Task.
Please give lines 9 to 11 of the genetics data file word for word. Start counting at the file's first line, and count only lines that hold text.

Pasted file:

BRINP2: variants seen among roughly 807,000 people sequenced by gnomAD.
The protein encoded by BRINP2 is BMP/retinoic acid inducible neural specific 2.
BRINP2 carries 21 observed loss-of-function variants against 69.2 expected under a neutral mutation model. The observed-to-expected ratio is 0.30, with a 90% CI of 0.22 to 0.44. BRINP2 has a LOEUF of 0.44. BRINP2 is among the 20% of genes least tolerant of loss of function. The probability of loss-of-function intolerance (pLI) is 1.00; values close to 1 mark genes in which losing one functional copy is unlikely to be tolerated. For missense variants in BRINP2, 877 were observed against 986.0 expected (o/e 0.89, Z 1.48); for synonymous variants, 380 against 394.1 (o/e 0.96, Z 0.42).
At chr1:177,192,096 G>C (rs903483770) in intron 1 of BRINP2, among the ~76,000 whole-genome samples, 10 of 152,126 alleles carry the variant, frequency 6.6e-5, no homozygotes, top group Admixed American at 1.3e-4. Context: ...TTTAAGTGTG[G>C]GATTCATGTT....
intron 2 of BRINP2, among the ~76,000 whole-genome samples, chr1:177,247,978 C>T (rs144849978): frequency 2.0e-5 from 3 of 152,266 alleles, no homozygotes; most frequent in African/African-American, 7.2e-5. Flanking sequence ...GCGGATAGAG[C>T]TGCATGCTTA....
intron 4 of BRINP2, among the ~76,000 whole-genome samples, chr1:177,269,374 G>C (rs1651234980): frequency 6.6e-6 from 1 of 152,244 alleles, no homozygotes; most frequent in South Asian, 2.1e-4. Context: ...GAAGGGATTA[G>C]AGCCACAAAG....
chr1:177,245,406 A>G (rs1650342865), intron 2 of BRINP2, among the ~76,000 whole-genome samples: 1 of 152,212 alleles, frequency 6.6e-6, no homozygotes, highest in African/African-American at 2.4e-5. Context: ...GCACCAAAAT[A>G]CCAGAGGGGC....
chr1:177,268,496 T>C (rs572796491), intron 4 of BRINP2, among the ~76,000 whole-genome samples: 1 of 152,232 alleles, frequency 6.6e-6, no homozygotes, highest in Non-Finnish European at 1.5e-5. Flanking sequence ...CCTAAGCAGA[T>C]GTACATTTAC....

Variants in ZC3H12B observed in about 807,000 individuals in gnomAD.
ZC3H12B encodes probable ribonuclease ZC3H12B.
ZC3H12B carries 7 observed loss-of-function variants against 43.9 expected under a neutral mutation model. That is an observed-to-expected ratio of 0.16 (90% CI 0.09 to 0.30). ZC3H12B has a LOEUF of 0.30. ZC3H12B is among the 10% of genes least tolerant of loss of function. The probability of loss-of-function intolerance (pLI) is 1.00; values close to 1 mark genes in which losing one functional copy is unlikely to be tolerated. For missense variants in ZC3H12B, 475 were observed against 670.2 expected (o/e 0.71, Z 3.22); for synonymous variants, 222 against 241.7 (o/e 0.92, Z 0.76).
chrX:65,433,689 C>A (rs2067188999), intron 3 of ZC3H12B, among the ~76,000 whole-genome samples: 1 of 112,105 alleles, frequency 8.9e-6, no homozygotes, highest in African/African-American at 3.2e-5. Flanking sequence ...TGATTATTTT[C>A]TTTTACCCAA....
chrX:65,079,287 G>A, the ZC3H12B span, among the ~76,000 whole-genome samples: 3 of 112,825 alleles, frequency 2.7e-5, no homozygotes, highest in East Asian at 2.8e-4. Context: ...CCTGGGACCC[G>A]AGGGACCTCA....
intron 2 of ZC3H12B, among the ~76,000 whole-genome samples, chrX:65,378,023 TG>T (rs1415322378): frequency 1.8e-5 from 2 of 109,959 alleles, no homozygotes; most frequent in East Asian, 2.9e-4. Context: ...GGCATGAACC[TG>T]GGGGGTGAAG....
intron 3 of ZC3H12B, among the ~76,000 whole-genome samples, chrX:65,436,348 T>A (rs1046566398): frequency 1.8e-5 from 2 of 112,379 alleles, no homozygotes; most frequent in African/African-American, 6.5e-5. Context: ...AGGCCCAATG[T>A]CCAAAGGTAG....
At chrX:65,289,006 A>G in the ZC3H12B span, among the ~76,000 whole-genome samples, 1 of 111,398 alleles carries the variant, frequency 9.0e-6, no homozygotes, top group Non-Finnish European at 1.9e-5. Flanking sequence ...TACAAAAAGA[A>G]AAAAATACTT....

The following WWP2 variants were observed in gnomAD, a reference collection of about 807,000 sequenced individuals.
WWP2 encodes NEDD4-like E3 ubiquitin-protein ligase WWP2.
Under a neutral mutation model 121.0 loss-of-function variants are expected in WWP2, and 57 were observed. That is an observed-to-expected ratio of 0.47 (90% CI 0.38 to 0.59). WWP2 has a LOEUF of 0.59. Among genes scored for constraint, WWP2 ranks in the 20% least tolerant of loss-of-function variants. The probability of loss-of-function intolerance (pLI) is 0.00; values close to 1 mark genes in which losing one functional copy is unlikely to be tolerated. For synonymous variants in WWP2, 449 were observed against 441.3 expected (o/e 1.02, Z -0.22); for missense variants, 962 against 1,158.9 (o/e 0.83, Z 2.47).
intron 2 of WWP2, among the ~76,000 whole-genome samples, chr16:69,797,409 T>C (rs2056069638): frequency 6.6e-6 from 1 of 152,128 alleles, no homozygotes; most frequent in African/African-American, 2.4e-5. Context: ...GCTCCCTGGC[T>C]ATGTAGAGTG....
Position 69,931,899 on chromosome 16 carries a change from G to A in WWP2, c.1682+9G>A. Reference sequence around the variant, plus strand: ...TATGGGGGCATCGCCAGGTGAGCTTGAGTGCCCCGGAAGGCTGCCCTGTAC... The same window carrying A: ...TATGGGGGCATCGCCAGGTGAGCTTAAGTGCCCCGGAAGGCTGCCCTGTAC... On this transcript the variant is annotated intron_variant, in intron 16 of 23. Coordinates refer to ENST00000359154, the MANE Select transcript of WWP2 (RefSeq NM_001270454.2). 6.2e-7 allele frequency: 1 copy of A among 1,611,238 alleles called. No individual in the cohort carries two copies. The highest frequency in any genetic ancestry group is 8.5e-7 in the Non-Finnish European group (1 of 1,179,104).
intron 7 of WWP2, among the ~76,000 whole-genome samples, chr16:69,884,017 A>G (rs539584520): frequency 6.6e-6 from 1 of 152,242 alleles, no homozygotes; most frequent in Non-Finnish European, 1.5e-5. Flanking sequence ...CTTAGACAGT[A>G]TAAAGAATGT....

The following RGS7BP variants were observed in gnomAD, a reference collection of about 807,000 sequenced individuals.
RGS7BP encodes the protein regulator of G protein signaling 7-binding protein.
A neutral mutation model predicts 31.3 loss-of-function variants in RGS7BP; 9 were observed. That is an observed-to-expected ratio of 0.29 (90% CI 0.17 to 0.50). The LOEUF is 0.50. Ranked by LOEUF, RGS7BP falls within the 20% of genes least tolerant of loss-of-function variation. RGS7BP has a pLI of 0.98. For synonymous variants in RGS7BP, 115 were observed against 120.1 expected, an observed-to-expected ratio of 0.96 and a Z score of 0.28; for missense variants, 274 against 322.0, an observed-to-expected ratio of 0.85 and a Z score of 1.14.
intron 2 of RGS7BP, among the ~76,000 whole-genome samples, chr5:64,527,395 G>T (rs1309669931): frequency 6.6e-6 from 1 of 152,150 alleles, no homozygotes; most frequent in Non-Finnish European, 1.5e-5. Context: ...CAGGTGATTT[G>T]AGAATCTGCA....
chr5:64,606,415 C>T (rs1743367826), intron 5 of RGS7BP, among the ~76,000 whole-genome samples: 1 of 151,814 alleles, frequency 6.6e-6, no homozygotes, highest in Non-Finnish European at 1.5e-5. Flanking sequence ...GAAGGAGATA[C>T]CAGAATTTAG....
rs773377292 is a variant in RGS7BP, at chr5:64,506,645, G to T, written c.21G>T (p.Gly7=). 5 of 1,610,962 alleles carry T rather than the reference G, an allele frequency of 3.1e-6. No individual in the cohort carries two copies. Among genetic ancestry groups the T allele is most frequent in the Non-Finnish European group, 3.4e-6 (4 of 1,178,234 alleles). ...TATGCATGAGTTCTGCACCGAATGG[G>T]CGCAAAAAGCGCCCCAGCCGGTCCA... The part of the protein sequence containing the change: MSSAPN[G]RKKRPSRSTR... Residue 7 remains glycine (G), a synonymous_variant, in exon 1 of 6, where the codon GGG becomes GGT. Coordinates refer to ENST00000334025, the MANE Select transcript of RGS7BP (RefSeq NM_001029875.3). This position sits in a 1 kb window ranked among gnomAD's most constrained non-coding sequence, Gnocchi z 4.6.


Variants in ZC3H12B observed in about 807,000 individuals in gnomAD.
ZC3H12B encodes probable ribonuclease ZC3H12B.
ZC3H12B carries 7 observed loss-of-function variants against 43.9 expected under a neutral mutation model. That is an observed-to-expected ratio of 0.16 (90% CI 0.09 to 0.30). ZC3H12B has a LOEUF of 0.30. ZC3H12B is among the 10% of genes least tolerant of loss of function. The probability of loss-of-function intolerance (pLI) is 1.00; values close to 1 mark genes in which losing one functional copy is unlikely to be tolerated. For missense variants in ZC3H12B, 475 were observed against 670.2 expected (o/e 0.71, Z 3.22); for synonymous variants, 222 against 241.7 (o/e 0.92, Z 0.76).